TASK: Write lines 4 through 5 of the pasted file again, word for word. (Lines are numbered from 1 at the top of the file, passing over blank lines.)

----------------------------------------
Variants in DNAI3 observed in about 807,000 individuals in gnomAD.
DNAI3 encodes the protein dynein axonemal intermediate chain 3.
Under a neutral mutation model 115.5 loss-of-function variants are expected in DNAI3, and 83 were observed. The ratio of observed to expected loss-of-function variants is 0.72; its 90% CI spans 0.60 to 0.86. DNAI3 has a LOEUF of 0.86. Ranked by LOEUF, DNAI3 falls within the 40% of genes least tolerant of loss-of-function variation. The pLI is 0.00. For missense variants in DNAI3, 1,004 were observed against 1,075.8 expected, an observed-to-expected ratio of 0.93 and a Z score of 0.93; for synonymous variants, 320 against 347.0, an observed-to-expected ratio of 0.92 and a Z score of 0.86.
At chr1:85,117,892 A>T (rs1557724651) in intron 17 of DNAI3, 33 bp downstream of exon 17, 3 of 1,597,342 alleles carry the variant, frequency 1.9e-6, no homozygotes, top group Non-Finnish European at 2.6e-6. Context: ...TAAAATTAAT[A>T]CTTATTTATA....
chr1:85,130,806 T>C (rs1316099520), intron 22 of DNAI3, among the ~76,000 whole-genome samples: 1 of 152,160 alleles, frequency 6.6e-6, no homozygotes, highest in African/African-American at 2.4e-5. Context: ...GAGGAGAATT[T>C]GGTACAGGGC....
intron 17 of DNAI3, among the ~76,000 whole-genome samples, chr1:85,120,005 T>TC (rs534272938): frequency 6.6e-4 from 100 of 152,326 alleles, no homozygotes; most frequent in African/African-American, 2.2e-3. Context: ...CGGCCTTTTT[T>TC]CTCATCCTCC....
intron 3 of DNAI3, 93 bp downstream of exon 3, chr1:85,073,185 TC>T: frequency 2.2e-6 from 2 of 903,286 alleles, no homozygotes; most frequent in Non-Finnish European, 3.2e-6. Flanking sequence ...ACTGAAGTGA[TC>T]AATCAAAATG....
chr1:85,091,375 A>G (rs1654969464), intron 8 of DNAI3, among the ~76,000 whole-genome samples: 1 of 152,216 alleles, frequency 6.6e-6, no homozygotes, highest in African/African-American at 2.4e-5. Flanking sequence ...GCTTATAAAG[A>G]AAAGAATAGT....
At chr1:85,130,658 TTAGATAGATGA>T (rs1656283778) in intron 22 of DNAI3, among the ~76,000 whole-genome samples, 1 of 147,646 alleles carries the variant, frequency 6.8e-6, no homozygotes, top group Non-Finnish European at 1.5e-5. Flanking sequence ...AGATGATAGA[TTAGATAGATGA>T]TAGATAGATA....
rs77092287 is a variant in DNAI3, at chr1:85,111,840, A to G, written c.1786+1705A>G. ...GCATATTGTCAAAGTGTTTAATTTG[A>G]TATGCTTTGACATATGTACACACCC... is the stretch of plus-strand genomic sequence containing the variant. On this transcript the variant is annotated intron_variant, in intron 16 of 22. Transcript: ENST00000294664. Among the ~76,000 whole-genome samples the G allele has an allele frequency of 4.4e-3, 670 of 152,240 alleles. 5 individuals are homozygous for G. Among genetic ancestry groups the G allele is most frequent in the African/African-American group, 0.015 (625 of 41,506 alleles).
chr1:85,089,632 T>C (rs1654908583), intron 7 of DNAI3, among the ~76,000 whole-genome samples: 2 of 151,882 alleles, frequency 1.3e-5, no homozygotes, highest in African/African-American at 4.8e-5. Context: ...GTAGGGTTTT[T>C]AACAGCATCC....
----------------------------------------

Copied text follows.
At chr1:85,117,892 A>T (rs1557724651) in intron 17 of DNAI3, 33 bp downstream of exon 17, 3 of 1,597,342 alleles carry the variant, frequency 1.9e-6, no homozygotes, top group Non-Finnish European at 2.6e-6. Context: ...TAAAATTAAT[A>T]CTTATTTATA....
chr1:85,130,806 T>C (rs1316099520), intron 22 of DNAI3, among the ~76,000 whole-genome samples: 1 of 152,160 alleles, frequency 6.6e-6, no homozygotes, highest in African/African-American at 2.4e-5. Context: ...GAGGAGAATT[T>C]GGTACAGGGC....